We are searching data for your request:
Upon completion, a link will appear to access the found materials.
ByThe Food in My Beard
Updated October 21, 2014
Mix the dry ingredients in a pot and put it on low heat.
Whisk in the egg nog and cook for about 10 minutes whisking occasionally until it coats the back of a spoon. Remove from heat and stir in bourbon.
Pour into serving cups, cover, and chill until thickened.
Sprinkle with nutmeg before serving.
Nutrition InformationNo nutrition information available for this recipe
This post may contain affiliate links. Read my disclosure policy.
Eggnog is a rich and creamy holiday drink made with cinnamon, nutmeg, vanilla, and bourbon. It’s EASY to make and the perfect treat to serve on Christmas eve!
We love the holidays and we’re enjoying this Hot Toddy snuggled up with some Bread Pudding and Award Winning Gingerbread Cookies.
Made this recipe using Cinnabon bread (no raisins in our house). I would not change a thing—it was wonderful! Thank you so much. We’ll be having this again!
Made the Bread Pudding for the first time. Very easy preparation. Instead of using cinnamon bread, I used day old extra crusty loaves (type used for roast beef sandwiches). I did add cinnamon, cloves and nutmeg . Instead of raisins, Sun-Maid's Mixed Dried Fruit (dried Apricots, Apples, and Plums). The dried fruit I chopped up. I do agree the 2 hour refrigeration time is necessary and so is the addition of boiling water in another baking pan. The bread pudding has the right texture and the Bourbon Sauce is quite the accompaniment to this easy dessert. Thank you for sharing this recipe and I do appreciate all of the others who gave their reviews too. I definitely will be making this Bread Pudding again.
Everyone loved this, even the Brits who have the highest expectations for bread pudding. I used Pepperidge Farm cinnamon raisin bread, subbed rum for bourbon and soaked the raisins in rum. I made it ahead of time, popped it in the oven as we sat down to dinner and it was done and warm for dessert. So good, so easy to make. Do it.
I made this dessert for a New Year's Eve party, and used cinnamon swirl brioche-based bread from my local bakery, and added a cup of raisins that I had soaked in rum (the raisins were a tad dry, which is what I get when I buy too-big bags at Costco!). I followed the recipe exactly otherwise. For the bourbon sauce, I used a very good bourbon and, as another reader had suggested, added some grated orange rind. I thought the sauce would be bland, but paired with the bread pudding, it was simply divine. I served vanilla ice cream alongside. This recipe doubles quite nicely.
Excellent. Everyone loved it, specially the bourbon sauce. I used Pepperidge Farm cinnamon raisin bread. Let the bread soak in the mixture overnight. Water bath is a must when making this bread pudding.
The water bath retains the moisture of the bread pudding. Be sure to use raisin bread with sufficient cinnamon or add a bit of your own (we like a little more intensity.) The bourbon sauce is lovely but I suggest doubling or tripling it as it does not make a large volume. Easy to make and well received by those around my table.
Amazing delicious and amazingly simple. I used Pepperidge Farm cinnamon raisin bread and skipped the water bath. Raves from everyone!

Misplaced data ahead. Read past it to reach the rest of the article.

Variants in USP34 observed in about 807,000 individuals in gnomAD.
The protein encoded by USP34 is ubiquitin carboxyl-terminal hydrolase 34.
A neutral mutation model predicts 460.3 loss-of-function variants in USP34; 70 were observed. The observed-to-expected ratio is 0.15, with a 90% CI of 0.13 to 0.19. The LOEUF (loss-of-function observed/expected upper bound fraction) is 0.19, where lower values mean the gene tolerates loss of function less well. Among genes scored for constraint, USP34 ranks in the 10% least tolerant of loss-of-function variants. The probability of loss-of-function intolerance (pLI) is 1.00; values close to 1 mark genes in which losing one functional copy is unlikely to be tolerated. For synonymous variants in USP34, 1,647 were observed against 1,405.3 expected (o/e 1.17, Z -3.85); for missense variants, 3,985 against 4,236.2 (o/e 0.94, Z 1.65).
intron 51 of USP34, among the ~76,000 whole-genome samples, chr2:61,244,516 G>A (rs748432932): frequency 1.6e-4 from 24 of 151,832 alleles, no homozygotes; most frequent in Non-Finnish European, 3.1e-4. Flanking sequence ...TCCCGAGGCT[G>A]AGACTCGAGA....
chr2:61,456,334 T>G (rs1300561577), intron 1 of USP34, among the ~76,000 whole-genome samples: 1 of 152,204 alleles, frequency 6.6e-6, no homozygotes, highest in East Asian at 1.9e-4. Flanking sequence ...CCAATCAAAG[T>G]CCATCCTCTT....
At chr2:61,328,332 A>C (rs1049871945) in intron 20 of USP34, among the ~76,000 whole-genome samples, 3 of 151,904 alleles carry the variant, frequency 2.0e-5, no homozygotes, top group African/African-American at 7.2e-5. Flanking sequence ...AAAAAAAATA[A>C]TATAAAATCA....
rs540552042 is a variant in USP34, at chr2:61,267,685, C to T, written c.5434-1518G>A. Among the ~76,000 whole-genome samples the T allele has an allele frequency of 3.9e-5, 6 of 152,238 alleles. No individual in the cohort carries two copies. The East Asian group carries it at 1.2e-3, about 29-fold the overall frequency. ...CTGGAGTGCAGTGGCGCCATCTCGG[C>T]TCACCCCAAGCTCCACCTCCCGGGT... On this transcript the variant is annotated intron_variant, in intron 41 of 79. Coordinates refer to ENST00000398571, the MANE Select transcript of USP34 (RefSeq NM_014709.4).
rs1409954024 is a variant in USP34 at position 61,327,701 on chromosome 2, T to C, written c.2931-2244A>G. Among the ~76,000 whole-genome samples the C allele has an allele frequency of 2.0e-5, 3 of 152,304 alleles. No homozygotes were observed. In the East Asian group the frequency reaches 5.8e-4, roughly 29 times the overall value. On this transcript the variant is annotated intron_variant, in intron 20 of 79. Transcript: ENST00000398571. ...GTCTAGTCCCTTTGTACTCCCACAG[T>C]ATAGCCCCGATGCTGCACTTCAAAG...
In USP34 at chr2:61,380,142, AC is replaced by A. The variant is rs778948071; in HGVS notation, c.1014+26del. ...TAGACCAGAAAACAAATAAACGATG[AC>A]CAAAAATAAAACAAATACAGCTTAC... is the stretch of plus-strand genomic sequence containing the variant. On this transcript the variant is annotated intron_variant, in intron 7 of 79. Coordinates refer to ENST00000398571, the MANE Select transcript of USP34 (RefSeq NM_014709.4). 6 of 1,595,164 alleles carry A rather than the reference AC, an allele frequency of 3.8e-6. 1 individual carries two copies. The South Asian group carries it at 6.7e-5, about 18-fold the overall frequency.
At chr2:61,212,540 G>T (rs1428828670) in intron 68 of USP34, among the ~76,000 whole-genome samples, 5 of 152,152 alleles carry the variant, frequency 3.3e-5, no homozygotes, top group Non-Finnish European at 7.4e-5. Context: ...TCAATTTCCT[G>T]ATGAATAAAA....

You just can't imagine how good this is. I quadrupled the recipe for a large party, and made it in 2 13 x 9" pans. I soaked the bread/egg mixture overnight (you can't beat the raisin challah bread) and baked it during dinner. As good as the pudding is - you can't skip the bourbon sauce. It truly is the icing on this cake!!
I made this after having an incredible bread pudding at a local Italian restaurant and it almost measured up to theirs! I used regular cinnamon-raisin bread and it came out great. Used the leftover caramel sauce on ice cream for a week!
Like others, I find this wonderful recipe works best with challah raisin bread. I also add cinnammon and nutmeg to taste. Fresh vanilla also provides an additional zing. And, oh, that sauce!! Great favorite for the holidays and just about anytime when there's a seasonal crackle of cool air.
This was a fabulous recipe. I took it to a Mardi Gras party and everyone raved, (great coming from s bunch of New Orleans folks) I used Pillsbury Cinnamon rolls without the icing and baked them a couple of days before. I soaked 1/4 cup of flame raisins in about 1/4 cup of Makers Mark bourbon for two days and added them with the toasted pecans. I did add another 2 eggs 1/2 cup milk, 1/2 cup cream as there was more than 4 cups of bread.
So I made this over the weekend, only I did it in individual deep-dish pizza pans. I didn't toast the bread in the oven, I let my bread dry out for a couple days. I also let the bread soak in the mixture overnight. I ended up adding 1/2 cup cream poured over the top of each one so the pudding was not dry and then I covered it with caramel sauce after it came out of the oven. I would make this again anytime.
We made this tonight. As with others reviesers, I used challah bread and raisins instead of raisin bread. I cooked it almost 10 minutes less than specified so it was a bit gooey like rice pudding, but it was delicious. We also added another tbs. of the bourbon to the sauce-- yum!
I am a Banquet Cook in a Big Hotel, and we had a Cajun party, I used this Recipe, but I Quadrippeled the Recipe. Great revies from the Guests, Note, I used Old Crosants and "Texas" toast.
I make this recipe every year for our Kentucky Derby party. I use challah instead of the raisin bread and I double the bourbon sauce because it is EXCELLENT on ice cream later in the week. My friend who swears she hates bread pudding asks for this one every year. One of my favorite recipes.
This delicious dessert is even better when the raisins are soaked in bourbon or brandy before being added to the dish. Personally, I like to use a little less bread so that the custard stands out a bit, and I skip the sauce and use haagen dazs vanilla bean ice cream as a fabulous topper on the hot pudding. Having made this dish at least 6 times, it may be time for me to go on a diet!